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Government called to increase incentives in super


A national accounting network has called on the government to double the current concessional contribution cap and consider introducing pooled thresholds and limits for super within families.

By Miranda Brownlee3 minute read

In a pre-budget submission, Pitcher Partners said that numerous changes have been made to the superannuation system over the last number of years which have had the effect of “significantly reducing the attractiveness of using the superannuation system to fund retirement”.


“The changes have gone too far and now there are no incentives left in the system to attract taxpayers to save above the compulsory contribution rate,” the submission stated.

“Some of these policies include the reduced deductible contribution cap of $25,000 per year, the $1.6 million pension cap and the 30 per cent contribution tax rate applicable to individuals deriving more than $250,000 per annum.

“We are concerned that the outcome of these significant policy changes, which collectively eliminate most of the voluntary savings incentives from the super system, will be to discourage retirement savings from those taxpayers with the capacity to save. Over time, we believe that this will create a new class of taxpayer with insufficient savings to self-fund their retirement who will qualify for, and need to rely on, the age pension.”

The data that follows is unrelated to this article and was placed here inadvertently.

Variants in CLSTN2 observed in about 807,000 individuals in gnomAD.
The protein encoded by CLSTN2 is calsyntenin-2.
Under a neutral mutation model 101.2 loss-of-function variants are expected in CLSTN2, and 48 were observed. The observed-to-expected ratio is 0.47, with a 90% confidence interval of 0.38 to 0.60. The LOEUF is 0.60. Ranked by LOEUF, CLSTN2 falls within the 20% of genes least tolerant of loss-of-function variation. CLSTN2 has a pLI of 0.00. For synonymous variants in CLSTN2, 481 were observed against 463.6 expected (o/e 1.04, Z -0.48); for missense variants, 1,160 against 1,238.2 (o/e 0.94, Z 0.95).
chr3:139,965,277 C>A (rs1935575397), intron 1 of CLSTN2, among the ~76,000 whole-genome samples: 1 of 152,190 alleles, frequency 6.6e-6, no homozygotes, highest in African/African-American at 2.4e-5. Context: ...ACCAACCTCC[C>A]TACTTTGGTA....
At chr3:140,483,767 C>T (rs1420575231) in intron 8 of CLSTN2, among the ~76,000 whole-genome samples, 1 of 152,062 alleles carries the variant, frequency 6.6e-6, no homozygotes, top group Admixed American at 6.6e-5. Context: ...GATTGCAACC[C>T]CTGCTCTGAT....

The submission said that the government should therefore consider reintroducing voluntary savings incentives back into the system as well as encouraging middle-income earners to use those incentives to self-fund their retirement.

One of the policies it could implement, the submission said, is increasing the deductible contribution cap from $25,000 to $50,000.

The submission also recommended introducing pooled thresholds and limits for super within families.

For example, this could mean allowing couples to pool their pension cap and contribution limit and use the combined threshold or limit in any way they chose.

Some of the thresholds and limits where this could apply, it explained, are the total superannuation balance threshold, particularly where non-concessional contributions are limited for one partner, the transfer balance cap amount and the threshold for the 30 per cent contributions tax rate.

“We would [also] support a holistic review of the superannuation system to better align the system’s objectives with the goal of accumulating wealth for retirement, reintroducing voluntary saving incentives and reducing system complexity,” the submission stated.

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Government called to increase incentives in super
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Miranda Brownlee

Miranda Brownlee


Miranda Brownlee is the deputy editor of SMSF Adviser, which is the leading source of news, strategy and educational content for professionals working in the SMSF sector.

Since joining the team in 2014, Miranda has been responsible for breaking some of the biggest superannuation stories in Australia, and has reported extensively on technical strategy and legislative updates.
Miranda also has broad business and financial services reporting experience, having written for titles including Investor Daily, ifa and Accountants Daily.

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